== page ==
by Tom Cade, Editor
Dana Bates was born and raised in Tacoma, Wash. As a child, she played in her first junior golf event at Meadow Park Golf Course. When she grew up, she went off into the world and had many adventures. Then, a year ago, at age 58, she returned to Tacoma, moved into the house she grew up in, sleeps in the bedroom she did as a child, and gives golf lessons at Meadow Park.
It is full circle for her. “And I couldn’t be happier,” she says, with her trademark room-filling, heart-uplifting laugh.
And what were those adventures she had in the world? Let’s have a look.
She attended the University of Hawaii on a golf scholarship, where she was mentored by the great Jackie Pung (past U.S. Women’s Amateur champion, and five-time winner on the LPGA Tour). She then transferred to the University of Arizona, with one of her women’s golf teammates being future PNGA Hall of Famer Lara Tennant.
What did she do for summer jobs during her college years? “I caddied on the PGA Senior Tour,” she says.
While playing in a pro-am event at Fircrest (Wash.) Golf Club in 1984, she was paired with tour player Art Wall. “After the round he asked me if I wanted to come along and caddie for him for the summer,” Bates explained. “I said sure. And it was a great experience.”
Over the next three summers, she also caddied for others on the senior circuit, such as Jerry Barber. “To be able to be inside the ropes with these great players is something that has really stayed with me,” she says. “At that level, they were really craftsmen.”
After college, Bates turned professional in 1987. She competed on the Futures Tour, played in three LPGA Championships, and in 2008 was a contestant on Golf Channel’s “Big Break Kaanapali.”
Bates also devoted herself to becoming a golf instructor, teaching clinics all over the country, and alongside such legendary instructors as Jim Flick and Hank Haney. In 2002, she was featured on the cover of Golf for Women magazine as a Top-50 instructor.
She is a Lifetime Member of the LPGA Teaching & Club Professionals, being a Class A Member for more than 25 years.
Then, at age 53, she felt she’d had enough of the golf world, feeling that after more than 35 years she needed a break. So what did she do next?
“I got a job as a horse wrangler,” she says, again with her customary laugh.
For the next four years, she worked on a 160-acre ranch in southern Nevada, herding cattle, riding horses, playing polo.
“It was a lot of fun, and I really needed to get away from the game for a while,” she says.
But she evidently didn’t take a complete break from the game – during those four years she qualified for the U.S. Senior Women’s Open in 2018 and again in 2019.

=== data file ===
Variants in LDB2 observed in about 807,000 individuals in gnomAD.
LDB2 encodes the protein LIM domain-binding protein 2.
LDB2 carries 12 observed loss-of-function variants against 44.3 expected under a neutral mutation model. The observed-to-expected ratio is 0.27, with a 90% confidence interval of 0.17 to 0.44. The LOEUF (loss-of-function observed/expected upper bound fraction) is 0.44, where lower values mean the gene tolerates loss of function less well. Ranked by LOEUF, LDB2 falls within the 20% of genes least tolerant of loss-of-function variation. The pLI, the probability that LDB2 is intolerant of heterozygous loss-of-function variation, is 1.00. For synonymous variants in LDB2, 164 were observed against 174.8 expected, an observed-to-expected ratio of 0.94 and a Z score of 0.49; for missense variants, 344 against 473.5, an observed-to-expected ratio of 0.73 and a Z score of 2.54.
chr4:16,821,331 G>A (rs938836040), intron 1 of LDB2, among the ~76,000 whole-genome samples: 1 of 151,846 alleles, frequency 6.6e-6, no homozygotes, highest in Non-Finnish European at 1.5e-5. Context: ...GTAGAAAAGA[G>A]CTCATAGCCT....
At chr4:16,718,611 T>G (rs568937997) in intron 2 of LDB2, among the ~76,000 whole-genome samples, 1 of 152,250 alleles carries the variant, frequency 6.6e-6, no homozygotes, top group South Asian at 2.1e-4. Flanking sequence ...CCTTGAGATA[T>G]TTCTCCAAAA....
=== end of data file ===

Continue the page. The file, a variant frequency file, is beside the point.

“That is true,” she says, laughing. “I had set up a practice area on the ranch, so whenever I got the golf itch, I’d spend an afternoon working on my game.”
Then, in late 2021, she was talking with one of her brothers, who still lives in Tacoma. They were having a late-night conversation about what to do next. “And he said to me, ‘Why don’t you come home?’”
And so she did, to the house she grew up in; to the bedroom she slept in as a child.
In January of 2022 she was hired by Meadow Park as an instructor. She gives individual lessons, conducts “Get Golf Ready” group lessons for women, mentors the club’s PGA Jr. League youth teams, and works with the new golfers of The First Tee of South Puget Sound, which is headquartered at Meadow Park.
She also still keeps her own game in shape, and qualified for the 2022 U.S. Senior Women’s Open. For her caddie in the championship, Bates brought along Matthew DeFeo, the 29-year-old son of her former college roommate.
“I told my First Tee kids that I’ll be playing for them, that I really wanted to make them proud,” she said. “Before I left for the championship, I asked them what I should focus on, and they said, ‘Never give up!’”
On the final hole of the second round of the U.S. Senior Women’s Open, Bates sank a 7-foot putt to make the cut exactly on the number.
The next morning, while warming up on the driving range before teeing off in the third round, Bates looked up to see World Golf Hall of Famer Hollis Stacy next to her, and Stacy gave her the thumbs up for still being there on the weekend.
“To get that from Hollis was pretty special,” Bates said. “I was so engrossed in just being at the event. I really had no expectations, but was grateful just to be there.”
From college golf phenom, to tour caddie, to pro golfer, to nationally-recognized instructor, to horse-wrangler and cowgirl, to polo player, to junior golf teacher, to making the cut at the U.S. Senior Women’s Open.
“I’m fortunate to have been able to be around the game long enough to be able to give back to it,” Bates says. “The rewards of this opportunity are tremendous.”
Fortunate is the word, for everyone.